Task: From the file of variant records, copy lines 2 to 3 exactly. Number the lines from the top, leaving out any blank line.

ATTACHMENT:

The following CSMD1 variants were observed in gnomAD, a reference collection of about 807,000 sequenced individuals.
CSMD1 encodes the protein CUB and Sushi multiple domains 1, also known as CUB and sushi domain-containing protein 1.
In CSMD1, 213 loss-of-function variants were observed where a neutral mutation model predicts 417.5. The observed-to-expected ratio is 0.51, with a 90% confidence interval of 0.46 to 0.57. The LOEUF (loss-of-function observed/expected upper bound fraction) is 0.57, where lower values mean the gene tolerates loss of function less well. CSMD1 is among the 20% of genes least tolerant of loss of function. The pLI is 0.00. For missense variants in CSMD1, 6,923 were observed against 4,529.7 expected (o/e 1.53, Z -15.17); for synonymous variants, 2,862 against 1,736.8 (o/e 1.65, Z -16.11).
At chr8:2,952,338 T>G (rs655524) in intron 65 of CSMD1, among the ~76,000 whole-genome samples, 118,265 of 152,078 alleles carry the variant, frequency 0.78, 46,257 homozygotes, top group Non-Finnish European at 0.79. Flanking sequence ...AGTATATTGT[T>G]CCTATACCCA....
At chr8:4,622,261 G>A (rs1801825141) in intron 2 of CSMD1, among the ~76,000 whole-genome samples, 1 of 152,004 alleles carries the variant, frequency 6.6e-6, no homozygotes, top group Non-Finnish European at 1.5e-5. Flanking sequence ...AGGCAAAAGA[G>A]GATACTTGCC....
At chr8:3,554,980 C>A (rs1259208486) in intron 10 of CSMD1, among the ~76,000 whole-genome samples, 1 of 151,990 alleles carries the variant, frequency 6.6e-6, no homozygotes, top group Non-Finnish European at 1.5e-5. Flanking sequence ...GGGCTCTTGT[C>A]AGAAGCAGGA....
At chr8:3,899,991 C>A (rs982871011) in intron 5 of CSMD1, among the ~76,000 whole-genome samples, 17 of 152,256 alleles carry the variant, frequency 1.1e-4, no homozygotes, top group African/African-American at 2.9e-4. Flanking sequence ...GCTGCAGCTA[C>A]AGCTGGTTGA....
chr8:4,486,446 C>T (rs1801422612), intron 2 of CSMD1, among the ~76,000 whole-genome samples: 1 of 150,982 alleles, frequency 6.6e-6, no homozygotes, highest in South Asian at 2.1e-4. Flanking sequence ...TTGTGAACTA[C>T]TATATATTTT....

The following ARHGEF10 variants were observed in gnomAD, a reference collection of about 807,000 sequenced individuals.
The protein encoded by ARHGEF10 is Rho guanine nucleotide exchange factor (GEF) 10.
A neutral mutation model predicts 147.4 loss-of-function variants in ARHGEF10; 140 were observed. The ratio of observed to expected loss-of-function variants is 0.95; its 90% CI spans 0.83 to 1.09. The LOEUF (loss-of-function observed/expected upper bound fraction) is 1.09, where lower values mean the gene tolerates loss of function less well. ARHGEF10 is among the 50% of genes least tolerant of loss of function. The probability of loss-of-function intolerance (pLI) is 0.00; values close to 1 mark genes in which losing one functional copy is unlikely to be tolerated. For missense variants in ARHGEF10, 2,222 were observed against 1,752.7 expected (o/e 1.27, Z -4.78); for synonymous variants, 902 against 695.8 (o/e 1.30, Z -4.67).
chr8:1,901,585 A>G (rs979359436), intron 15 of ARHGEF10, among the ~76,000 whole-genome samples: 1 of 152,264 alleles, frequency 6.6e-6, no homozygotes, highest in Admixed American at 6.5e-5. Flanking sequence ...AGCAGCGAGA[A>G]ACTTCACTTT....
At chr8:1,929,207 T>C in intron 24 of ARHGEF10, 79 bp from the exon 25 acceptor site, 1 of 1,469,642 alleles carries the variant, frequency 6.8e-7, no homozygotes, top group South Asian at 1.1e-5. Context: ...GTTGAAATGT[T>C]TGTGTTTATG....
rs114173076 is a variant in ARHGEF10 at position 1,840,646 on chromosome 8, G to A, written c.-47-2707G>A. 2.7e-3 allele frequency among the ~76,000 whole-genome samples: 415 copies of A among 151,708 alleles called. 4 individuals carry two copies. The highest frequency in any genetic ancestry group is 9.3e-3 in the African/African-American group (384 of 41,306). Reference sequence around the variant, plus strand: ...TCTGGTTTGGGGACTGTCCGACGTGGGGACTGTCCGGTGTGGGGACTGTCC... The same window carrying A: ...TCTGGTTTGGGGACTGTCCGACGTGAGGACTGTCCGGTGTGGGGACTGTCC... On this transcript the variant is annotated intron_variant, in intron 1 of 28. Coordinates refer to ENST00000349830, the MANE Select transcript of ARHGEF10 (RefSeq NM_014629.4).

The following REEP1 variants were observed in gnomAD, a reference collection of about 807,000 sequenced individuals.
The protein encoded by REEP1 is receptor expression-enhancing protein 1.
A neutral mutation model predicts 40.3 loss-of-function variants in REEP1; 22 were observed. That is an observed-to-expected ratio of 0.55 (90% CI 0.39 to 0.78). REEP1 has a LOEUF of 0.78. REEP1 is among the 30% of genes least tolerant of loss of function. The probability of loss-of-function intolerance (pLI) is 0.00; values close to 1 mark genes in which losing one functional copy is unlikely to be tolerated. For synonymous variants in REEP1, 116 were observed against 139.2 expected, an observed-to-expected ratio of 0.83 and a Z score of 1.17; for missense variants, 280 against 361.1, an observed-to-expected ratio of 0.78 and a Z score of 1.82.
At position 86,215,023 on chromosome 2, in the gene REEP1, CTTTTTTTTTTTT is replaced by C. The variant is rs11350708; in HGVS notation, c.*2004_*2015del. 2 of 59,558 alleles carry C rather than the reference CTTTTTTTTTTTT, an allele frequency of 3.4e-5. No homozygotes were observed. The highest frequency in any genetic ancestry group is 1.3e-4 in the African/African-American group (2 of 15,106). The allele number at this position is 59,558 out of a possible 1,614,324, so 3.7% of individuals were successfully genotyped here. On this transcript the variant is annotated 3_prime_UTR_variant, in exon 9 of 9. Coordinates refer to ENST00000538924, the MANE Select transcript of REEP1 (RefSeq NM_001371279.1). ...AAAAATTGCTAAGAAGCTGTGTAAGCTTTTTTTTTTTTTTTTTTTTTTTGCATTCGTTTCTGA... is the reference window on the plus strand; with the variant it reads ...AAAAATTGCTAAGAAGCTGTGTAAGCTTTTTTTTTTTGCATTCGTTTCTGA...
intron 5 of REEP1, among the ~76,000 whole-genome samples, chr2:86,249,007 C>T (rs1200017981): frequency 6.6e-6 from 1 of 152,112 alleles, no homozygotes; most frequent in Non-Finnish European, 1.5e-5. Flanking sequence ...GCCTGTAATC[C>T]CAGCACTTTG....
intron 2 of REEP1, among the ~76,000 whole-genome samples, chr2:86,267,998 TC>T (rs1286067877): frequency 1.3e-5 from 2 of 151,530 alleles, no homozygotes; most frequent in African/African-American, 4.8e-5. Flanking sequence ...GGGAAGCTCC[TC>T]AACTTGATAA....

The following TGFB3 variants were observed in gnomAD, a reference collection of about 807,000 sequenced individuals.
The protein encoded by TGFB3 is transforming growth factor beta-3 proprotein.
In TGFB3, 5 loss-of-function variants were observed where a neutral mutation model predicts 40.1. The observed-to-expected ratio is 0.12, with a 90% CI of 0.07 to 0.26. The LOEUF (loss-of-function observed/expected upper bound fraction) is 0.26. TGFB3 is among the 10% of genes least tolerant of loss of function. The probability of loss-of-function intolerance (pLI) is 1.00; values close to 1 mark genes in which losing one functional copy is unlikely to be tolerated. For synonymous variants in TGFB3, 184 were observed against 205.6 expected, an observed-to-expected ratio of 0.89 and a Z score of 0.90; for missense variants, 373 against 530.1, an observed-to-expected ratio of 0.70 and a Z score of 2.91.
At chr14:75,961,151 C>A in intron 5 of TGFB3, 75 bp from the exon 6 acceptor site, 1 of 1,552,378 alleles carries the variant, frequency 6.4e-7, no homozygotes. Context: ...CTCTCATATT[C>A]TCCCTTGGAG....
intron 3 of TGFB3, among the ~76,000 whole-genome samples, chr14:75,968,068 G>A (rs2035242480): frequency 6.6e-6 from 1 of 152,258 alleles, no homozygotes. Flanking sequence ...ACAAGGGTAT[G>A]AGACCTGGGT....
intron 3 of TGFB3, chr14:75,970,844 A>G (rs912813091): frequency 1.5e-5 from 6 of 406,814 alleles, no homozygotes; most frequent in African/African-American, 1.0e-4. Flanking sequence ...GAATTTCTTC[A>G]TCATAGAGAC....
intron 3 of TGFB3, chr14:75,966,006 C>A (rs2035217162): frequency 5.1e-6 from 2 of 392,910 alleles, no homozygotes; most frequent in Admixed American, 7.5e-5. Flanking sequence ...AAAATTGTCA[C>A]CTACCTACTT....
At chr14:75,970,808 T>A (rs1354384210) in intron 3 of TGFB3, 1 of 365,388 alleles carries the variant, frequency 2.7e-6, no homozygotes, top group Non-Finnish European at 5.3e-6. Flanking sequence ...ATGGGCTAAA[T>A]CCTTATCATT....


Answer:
CSMD1 encodes the protein CUB and Sushi multiple domains 1, also known as CUB and sushi domain-containing protein 1.
In CSMD1, 213 loss-of-function variants were observed where a neutral mutation model predicts 417.5. The observed-to-expected ratio is 0.51, with a 90% confidence interval of 0.46 to 0.57. The LOEUF (loss-of-function observed/expected upper bound fraction) is 0.57, where lower values mean the gene tolerates loss of function less well. CSMD1 is among the 20% of genes least tolerant of loss of function. The pLI is 0.00. For missense variants in CSMD1, 6,923 were observed against 4,529.7 expected (o/e 1.53, Z -15.17); for synonymous variants, 2,862 against 1,736.8 (o/e 1.65, Z -16.11).